The HG J2 L70 (PH185), probably shows a Greek or Roman connection.
Roman yes, Greek no. It has never been found in an ancient Greek archaeogenetic context. The J2a-M410+ haplogroups are already well mapped out there.
 
Roman yes, Greek no. It has never been found in an ancient Greek archaeogenetic context. The J2a-M410+ haplogroups are already well mapped out there.
Indeed Roman, the oldest J2L70 sample published until now is from the Marche region, in central Italy and was classify as roman. Although it could also be Greek. It is true we haven't got yet an ancient Greek J2 L70, it is said ,by different sources, that soon the Reich lab will publish an ancient Greek J L70, from the Bronze age/early Iron age, as it is not yet published I can not said it for sure, but there are some other scientists that states that at least some of the J2L70 in the west were expand by Greeks. For this case you can read the study made by Andrea finocchio et Al on 2018, you can find it on the following link: https://www.ncbi.nlm.nih.gov/pmc/articles/PMC5945646/
 
1715967126562.png

RCO user from genarchivist posted this (y)

Identifiers Haplogroups
Genetic ID Grave Isotope ID mt haplogroup Y chromosome haplogroup

I35009 G1 HR_G1_s No genetic data E1b1b1a1b1
I34297
G10 HR_G10_s U5b1b J2a1a1a2b2a3b1a1b1a2~
I34292 G11 HR_G11_s U5b1b
failed G13 HR_G13_s No genetic data
I34296 G14 HR_G14_a HV11 E1b1b1a1b1
I34301 G15 HR_G15_s No genetic data
I34298 G16 HR_G16_a No genetic data
failed G17 HR_G17_a No genetic data
I34982 G18 HR_G18_s No genetic data
I34981 G19 HR_G19_s No genetic data
I34299 G2 HR_G2_a No genetic data
I34294 G20 HR_G20_s W3a1 J2b2a1a1a1a1a1a
I33811 G3 HR_G3_a U5b1b
failed G6 HR_G6_s No genetic data
I33812 G7 HR_G7_a U1a3
I35082 G11b / No genetic data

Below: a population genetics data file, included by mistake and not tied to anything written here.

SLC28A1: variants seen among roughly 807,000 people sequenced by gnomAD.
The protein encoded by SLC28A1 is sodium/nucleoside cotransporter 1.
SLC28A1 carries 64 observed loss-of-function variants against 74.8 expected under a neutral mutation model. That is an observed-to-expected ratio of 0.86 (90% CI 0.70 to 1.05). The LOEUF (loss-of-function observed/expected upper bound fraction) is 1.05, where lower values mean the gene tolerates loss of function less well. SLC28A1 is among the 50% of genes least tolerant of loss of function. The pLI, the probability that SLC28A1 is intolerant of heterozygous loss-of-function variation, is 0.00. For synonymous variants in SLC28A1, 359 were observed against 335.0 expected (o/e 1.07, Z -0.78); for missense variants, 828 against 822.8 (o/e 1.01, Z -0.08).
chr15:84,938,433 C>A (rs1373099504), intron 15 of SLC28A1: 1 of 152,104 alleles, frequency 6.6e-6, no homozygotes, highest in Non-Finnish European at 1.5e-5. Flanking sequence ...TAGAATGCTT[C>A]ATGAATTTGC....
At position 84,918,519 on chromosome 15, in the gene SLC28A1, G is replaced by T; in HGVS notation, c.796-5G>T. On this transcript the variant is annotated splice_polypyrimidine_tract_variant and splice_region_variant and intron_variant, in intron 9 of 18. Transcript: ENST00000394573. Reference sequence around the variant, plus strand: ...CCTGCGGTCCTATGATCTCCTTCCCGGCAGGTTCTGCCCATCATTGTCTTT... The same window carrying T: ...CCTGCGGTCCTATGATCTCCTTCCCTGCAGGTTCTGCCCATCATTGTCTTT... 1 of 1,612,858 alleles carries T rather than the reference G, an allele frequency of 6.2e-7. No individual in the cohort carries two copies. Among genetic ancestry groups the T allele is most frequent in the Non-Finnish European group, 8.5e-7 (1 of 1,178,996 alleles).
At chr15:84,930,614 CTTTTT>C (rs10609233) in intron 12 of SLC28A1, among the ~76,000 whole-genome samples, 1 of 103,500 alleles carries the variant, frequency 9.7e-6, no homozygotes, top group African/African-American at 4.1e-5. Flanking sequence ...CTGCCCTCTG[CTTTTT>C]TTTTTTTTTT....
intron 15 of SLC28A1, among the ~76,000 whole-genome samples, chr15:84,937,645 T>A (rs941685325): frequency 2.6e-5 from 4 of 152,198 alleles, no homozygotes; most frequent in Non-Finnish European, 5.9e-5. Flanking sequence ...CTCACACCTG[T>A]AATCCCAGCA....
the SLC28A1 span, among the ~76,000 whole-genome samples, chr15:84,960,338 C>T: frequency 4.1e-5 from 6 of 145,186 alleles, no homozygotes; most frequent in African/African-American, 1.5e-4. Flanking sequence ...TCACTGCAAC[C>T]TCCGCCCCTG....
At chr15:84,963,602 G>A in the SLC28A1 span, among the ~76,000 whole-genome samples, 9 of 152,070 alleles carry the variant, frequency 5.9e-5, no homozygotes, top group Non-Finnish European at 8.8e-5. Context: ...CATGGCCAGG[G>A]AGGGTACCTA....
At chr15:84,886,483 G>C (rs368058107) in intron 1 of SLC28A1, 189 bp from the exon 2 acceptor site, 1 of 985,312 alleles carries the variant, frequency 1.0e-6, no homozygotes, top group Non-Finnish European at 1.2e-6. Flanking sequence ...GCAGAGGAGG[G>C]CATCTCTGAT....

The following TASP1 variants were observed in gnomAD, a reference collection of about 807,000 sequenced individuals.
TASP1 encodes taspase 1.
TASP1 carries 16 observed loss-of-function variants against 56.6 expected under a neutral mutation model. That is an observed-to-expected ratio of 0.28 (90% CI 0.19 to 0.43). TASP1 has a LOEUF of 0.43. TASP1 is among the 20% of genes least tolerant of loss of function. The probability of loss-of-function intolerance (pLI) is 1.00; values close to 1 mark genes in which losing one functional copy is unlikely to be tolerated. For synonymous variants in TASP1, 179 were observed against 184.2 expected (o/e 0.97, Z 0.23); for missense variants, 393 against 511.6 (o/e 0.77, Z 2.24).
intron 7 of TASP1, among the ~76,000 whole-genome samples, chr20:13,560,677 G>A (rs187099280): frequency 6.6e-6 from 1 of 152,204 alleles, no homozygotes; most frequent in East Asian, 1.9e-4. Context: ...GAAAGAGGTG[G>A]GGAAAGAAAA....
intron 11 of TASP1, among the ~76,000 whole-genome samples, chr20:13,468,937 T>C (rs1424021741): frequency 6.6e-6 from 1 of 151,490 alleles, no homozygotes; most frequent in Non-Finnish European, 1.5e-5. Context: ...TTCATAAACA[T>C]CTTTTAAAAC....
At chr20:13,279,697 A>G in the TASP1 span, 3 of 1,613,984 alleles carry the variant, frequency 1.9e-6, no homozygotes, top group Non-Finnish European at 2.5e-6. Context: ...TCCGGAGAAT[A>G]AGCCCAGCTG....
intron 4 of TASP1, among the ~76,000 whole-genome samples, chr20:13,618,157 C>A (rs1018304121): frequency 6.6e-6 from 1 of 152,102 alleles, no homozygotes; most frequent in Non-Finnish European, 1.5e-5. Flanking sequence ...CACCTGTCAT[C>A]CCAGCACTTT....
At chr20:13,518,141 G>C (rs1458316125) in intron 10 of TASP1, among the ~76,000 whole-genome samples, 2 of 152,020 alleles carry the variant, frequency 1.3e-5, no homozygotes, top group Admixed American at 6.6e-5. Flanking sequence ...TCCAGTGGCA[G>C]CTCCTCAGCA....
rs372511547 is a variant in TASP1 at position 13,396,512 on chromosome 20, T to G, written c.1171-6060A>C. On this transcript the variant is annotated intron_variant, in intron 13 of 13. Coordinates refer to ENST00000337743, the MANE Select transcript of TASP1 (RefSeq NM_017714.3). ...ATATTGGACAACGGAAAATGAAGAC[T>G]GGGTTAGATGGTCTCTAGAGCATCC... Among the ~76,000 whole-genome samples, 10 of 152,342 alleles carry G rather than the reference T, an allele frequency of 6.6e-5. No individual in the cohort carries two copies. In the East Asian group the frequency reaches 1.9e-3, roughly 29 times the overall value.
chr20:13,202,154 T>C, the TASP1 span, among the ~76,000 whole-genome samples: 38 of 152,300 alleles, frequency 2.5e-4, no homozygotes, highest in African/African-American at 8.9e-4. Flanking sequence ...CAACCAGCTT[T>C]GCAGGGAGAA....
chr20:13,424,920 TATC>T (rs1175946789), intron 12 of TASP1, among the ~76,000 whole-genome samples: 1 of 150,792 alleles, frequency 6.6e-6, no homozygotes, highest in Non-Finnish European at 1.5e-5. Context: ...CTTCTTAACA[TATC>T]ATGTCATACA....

I34287 G12 nonadult p 5 / No genetic data
I33889 G12-A1 / H35 J1a2a1a1~
failed G12-A10 / No genetic data
I34291 G12-A12 / No genetic data
I34290 G12-A13 / U8b1a1
I33885 G12-A2 / H3k
I33808 G12-A3 / H3k J2a1a1b2a1b1b2c~
failed G12-A4 / No genetic data
failed G12-A5 / No genetic data
I33888 G12-A6 / H9a J2a1a4b
I33886 G12-A7 / HV E1b1a1a1a1c1b2a2
failed G12-A9 / No genetic data
I33809 G12-S1 / HV12b1 J2a1a1a2b1b
I33893 G12-S2 / H5a3a2
I33890 G12-S3 / R0a G2a2b2a1a1b2
I33891 G12-S4 / K1c1
failed G12, A8 / No genetic data



p.s
i have to admit if the I33886 individual e1b1a-m2 dude is real and not a mistake assignment by the lab
that is unexpected and cool :cool:
i know the roman empire was mobile and people could move as soldiers, traders, slaves
to far a way provinces but still
i guess we need to wait for this paper to be published along with the bam files
 
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Wow, not a single R1b!
 
Indeed Roman, the oldest J2L70 sample published until now is from the Marche region, in central Italy and was classify as roman. Although it could also be Greek. It is true we haven't got yet an ancient Greek J2 L70, it is said ,by different sources, that soon the Reich lab will publish an ancient Greek J L70, from the Bronze age/early Iron age, as it is not yet published I can not said it for sure, but there are some other scientists that states that at least some of the J2L70 in the west were expand by Greeks. For this case you can read the study made by Andrea finocchio et Al on 2018, you can find it on the following link: https://www.ncbi.nlm.nih.gov/pmc/articles/PMC5945646/